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Posted August 7, 2011
*HERE THERE BE SPOILERS*Was this review helpful? Yes NoThank you for your feedback. Report this reviewThank you, this review has been flagged.
"Aisling: Dream" is the second part of marvelous epic story about a fascinating world and the engaging and complex characters, and deities, which populate that world. "Dream", being the second book in a trilogy, doesn't suffer from it, but stands, if not alone, then firmly in its place, satisfying completely and yet keeping the reader wishing for the last book, due out in December.
We get a good deal more here of world-building than we had in the first book, Carole holding back a lot of details there in order to show these two fabulous characters - Dallin and Wil - coping with exactly that same situation - not knowing enough either about each other or about their own predicament until circumstance and dawning respect gradually brought growing trust and eventually - friendship.
In the second book, delightfully, we also get even more of the developing relationship between Dallin and Wil. What I really love about Carole's writing is the way that she weaves humor into what could be a very dark story. Wil, especially, with his tormented past, is an old soul with the heart of a child and his humor reveals that childlike quality. For example, when upset with Dallin, Wil thinks of him as "Stupid-picky-bossy Constable Brayden" and when trying to cope with his own physical weakness after a devastating, and nearly fatal, incident thinks of himself as "Swooning. Swooning. Like a.like a.swooning.thing." Watching their relationship gradually build as they make their way cross country and hide out in the cellars of the Temple, is delightful. This exchange is a good example of the banter between these two:
"I thought I was a vicious little sh*t," he muttered.
"You are," Brayden said simply ."But you say it like it's a bad thing."
Carole keeps the physical side of their relationship "off camera", other than a gorgeous, sensual kiss or two, but that doesn't keep the characters from thinking about what went on "off camera" in language that is sensuous and hot and has nothing to do with sex and everything to do with Carole's superb use of words. The plot is fascinating and involved and very much reflects the real life intrigues and machinations which would surround a spiritual and political prize like the Aisling. There are moments in the plot that have you standing and cheering and then almost immediately gasping with dismay. And Carole pulls no punches when she skillfully leads you to understand that the most creepy, slimy, downright evil bad guy you can think of (and you have been hating for who knows how many pages) is NOT the ultimate foe here, which makes you shudder to think what, or who, could be more evil than that.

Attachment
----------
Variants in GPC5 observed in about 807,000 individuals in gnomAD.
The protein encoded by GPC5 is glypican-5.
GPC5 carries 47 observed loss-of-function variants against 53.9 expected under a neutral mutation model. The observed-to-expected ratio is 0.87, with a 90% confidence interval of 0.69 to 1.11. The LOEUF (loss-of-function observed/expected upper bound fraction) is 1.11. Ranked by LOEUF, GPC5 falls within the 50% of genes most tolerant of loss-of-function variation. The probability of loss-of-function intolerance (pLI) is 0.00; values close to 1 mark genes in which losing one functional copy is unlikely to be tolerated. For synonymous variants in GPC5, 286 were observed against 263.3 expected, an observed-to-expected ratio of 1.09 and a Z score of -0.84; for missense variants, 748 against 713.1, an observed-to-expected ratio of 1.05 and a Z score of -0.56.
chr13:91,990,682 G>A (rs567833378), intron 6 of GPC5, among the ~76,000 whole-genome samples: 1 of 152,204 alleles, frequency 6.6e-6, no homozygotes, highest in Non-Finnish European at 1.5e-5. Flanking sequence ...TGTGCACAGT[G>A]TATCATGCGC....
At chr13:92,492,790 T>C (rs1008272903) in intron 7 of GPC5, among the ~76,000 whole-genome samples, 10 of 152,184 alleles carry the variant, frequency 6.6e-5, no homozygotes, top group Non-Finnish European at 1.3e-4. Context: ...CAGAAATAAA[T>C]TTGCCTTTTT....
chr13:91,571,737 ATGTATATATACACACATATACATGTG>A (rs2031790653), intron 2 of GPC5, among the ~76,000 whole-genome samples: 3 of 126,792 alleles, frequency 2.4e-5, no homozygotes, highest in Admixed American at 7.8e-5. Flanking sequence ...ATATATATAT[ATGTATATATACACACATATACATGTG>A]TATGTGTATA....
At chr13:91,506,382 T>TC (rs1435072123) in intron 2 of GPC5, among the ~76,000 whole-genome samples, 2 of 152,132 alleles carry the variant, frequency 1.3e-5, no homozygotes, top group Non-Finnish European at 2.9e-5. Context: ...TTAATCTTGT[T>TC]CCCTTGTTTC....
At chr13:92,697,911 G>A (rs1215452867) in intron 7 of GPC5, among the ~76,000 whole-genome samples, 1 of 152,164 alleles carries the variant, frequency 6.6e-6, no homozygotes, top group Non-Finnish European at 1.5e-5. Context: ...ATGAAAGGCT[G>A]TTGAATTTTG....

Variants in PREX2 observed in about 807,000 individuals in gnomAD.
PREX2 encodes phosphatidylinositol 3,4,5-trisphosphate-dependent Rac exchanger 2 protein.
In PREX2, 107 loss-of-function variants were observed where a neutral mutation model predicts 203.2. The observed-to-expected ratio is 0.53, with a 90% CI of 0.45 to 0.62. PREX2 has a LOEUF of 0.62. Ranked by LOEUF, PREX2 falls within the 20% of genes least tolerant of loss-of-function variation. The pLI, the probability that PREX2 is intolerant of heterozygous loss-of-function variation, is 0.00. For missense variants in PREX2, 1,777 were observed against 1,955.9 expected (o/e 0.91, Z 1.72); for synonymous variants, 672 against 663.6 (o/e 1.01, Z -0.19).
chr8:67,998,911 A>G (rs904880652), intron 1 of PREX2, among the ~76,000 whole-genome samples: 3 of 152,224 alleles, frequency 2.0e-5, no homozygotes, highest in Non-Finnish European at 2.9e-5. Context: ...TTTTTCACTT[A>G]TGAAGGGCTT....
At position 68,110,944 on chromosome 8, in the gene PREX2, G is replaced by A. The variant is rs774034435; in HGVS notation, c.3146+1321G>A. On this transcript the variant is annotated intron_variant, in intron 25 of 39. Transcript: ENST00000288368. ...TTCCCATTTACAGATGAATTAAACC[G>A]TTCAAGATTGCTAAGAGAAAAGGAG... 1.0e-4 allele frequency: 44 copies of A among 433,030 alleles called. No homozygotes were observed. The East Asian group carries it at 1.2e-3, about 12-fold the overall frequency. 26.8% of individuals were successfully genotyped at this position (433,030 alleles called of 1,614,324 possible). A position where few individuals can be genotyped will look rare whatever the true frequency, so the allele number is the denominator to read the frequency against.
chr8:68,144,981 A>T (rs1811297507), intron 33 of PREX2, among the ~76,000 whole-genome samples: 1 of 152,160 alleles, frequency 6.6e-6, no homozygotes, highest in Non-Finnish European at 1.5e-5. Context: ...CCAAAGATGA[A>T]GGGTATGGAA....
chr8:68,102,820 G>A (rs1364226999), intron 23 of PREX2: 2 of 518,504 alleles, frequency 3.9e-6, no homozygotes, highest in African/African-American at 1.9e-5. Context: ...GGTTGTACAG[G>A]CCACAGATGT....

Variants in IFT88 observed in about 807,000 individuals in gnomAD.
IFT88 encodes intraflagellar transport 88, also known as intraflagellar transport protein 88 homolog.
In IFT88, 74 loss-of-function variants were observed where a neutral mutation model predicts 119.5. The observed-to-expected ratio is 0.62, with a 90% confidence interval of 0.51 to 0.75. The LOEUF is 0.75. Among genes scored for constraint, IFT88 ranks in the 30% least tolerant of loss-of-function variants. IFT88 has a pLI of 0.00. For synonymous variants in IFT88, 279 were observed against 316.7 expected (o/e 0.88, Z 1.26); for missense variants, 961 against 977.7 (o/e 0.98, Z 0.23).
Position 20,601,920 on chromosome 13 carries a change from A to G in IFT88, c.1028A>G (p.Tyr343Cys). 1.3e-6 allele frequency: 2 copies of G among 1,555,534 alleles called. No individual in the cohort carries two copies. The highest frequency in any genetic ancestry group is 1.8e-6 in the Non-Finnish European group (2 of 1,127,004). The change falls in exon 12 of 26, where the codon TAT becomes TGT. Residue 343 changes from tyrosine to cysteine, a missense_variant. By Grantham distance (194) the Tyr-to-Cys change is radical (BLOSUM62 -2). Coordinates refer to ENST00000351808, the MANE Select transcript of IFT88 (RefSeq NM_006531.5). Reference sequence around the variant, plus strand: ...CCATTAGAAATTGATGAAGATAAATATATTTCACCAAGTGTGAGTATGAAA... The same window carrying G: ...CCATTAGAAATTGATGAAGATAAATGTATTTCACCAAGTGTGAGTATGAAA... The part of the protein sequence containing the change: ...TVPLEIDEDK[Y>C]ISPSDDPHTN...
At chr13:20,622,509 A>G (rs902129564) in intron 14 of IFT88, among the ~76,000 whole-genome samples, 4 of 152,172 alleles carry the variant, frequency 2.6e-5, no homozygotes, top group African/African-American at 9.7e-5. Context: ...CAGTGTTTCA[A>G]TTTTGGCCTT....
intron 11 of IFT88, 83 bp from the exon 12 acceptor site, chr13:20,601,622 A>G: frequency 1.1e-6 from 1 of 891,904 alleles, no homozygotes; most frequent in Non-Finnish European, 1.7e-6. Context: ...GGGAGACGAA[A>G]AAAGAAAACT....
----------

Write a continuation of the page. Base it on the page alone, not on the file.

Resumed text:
Carole's writing is amazing. Just as some artists take paints and create Campbell soup cans and call it art and some take paints and create masterpieces that take your breath away, Carole is definitely up there with the masters in the way she uses words to paint gorgeous, intricate pictures - works of art that have layers and layers of meaning and make you come back again and again to study them.
It is exciting to know we have one more book in this series to look forward to and, if you visit Carole's website, to find that we have an entire new series called "Wolf's-own" to look forward to as well (as soon as a savvy publisher snatches it up!)
Posted November 25, 2011
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